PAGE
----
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Southampton: two Labour councillors vote against Labour council cuts
In the 3 May elections, the Tory council in Southampton suffered a heavy defeat. This followed months of strikes and mass demonstrations by council workers with the backing of the local community.
Now, significantly, two councillors in the new Labour administration have voted against their own party's cuts.
Tensions had risen again this week as Labour met to vote on their post-election mini-budget. Council trade unions, expecting the restoration of their pay, savagely cut by the previous Tory council, have been left hanging.
Still in negotiations, a recent offer failed to meet union support as it included 90 redundancies. Worse still, Labour increased its previous proposed cuts from their February budget by a further £800,000, to almost £13 million for this year.
To the outrage of the local community, council workers and local councillors, this mini-budget brought forward without any prior discussion, the closure of Oaklands Pool with a threat to a further 30 jobs.
Unison general secretary Dave Prentis, at Unison conference, hailed the victory of Labour in Southampton, as a great step forward for members.
In just a few weeks every promise, to consult, to restore pay, to avoid redundancies, is in tatters.
Council workers and unions are furious at these proposals and the failure to consult. Council workers had been encouraged to believe that the Labour Party would be different to the Tories.
But as we have consistently warned, leaders of the Labour group had no intention to break from the austerity agenda.
Even union officers who had previously encouraged the idea of backing Labour have described it as unacceptable.
At Wednesday's council meeting the Labour group faced the anger and determined opposition of local councillors Keith Morrell and Don Thomas, whose ward includes Oaklands Pool.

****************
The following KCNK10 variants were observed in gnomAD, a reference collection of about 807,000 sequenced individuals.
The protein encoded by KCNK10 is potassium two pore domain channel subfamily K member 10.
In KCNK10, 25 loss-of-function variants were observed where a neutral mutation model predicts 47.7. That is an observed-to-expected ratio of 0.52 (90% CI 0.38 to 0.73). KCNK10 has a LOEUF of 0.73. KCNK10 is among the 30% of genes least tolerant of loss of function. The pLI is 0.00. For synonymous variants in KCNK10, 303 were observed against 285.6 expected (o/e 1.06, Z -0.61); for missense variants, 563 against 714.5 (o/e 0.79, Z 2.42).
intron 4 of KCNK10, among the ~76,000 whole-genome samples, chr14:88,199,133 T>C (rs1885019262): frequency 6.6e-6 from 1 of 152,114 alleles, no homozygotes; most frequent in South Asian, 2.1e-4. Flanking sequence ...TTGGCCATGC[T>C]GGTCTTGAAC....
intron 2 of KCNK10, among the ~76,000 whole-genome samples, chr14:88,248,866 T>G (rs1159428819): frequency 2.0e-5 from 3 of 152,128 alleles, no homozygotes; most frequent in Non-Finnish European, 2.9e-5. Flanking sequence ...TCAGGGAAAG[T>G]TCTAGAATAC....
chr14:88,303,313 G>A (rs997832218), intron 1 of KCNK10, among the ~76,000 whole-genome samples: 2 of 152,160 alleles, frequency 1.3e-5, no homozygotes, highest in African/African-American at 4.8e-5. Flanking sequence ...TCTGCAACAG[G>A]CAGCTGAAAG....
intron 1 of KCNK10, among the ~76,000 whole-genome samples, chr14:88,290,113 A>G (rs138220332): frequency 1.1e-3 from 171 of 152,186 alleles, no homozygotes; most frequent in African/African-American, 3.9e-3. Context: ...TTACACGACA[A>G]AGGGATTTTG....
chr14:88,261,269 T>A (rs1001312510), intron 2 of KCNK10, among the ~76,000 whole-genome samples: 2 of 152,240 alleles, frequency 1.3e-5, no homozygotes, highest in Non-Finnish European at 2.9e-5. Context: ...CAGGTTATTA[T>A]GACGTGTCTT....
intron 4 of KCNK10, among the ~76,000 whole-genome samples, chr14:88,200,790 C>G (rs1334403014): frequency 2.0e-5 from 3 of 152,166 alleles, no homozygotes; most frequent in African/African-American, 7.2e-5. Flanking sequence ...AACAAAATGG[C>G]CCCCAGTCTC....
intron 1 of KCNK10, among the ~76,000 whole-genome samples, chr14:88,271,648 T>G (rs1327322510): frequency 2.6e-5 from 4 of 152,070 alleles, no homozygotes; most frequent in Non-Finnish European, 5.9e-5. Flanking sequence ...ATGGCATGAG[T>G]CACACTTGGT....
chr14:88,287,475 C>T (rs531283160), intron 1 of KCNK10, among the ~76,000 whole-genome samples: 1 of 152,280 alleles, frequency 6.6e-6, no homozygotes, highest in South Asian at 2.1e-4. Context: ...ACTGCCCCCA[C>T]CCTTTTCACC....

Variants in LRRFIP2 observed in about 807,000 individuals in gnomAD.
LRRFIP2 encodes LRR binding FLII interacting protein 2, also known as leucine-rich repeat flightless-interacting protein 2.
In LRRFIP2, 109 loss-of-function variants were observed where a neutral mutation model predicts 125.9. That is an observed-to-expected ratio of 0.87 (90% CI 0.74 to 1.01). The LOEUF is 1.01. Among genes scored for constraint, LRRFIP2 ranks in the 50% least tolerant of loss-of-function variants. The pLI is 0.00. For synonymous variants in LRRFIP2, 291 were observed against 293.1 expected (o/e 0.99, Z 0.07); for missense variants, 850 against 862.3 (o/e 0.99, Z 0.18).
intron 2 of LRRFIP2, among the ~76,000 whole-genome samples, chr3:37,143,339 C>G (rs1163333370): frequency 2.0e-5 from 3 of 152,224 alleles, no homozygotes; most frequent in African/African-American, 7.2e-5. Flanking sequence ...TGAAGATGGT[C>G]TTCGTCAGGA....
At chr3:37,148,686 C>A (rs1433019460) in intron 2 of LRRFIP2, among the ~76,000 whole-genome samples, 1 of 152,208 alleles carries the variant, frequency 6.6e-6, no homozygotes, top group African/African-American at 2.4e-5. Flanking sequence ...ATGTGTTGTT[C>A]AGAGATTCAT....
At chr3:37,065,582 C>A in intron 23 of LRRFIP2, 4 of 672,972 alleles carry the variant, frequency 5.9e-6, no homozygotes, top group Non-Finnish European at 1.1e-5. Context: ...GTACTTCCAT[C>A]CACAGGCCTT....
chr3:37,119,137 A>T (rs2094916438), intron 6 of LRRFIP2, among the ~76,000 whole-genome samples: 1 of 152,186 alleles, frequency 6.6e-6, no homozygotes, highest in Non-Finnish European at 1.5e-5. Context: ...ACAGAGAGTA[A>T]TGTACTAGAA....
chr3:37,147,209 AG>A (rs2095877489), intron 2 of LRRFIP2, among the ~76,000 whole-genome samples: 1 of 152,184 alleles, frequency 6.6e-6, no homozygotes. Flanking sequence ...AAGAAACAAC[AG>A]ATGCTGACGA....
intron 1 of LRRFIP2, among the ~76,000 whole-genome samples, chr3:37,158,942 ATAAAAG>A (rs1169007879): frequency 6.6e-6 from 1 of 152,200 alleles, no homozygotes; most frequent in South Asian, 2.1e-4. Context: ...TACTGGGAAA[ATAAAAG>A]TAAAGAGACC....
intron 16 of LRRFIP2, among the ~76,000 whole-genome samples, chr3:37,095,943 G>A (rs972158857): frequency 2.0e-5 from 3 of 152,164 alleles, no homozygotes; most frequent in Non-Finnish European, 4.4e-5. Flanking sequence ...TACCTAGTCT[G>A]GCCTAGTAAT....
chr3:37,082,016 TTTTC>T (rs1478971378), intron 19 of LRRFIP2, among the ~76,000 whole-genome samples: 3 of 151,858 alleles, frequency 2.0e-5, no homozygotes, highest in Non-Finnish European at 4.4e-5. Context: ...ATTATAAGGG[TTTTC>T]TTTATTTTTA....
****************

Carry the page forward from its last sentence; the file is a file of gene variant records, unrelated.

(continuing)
Having spoken out prior to the council meeting, the councillors received the public support of the Unison, Unite and GMB council unions.
Decisively when it came to the vote on the Labour budget, both councillors voted against the cuts.
It is now an urgent task to build support around this stand, firstly to stop the closure of Oaklands Pool but also to challenge the planned cuts as a whole.
Socialist Party members got strong support from the local community at a campaign stall on Saturday to save the pool and oppose cuts.
Undoubtedly Keith and Don will come under attack from the Labour group. With the backing of the unions, socialists and the anti-cuts movement this must be resisted.
It is those who voted for cuts who should be suspended and expelled from the Labour Party. If the council unions continue to encourage members to join the Labour Party it must be on the basis of opposing the cuts and removing those councillors who will not back such a stand.
Once again it poses the question of political representation for the anti-cuts movement. Southampton Socialist Party has given its full public support to the stand of the councillors.
However the Labour budget shows that union support for the Labour Party is untenable and reaffirms the urgent task of giving the anti-cuts movement a political voice that will give unconditional backing to the trade union struggle against cuts.
This version of this article was first posted on the Socialist Party website on 13 July 2012 and may vary slightly from the version subsequently printed in The Socialist.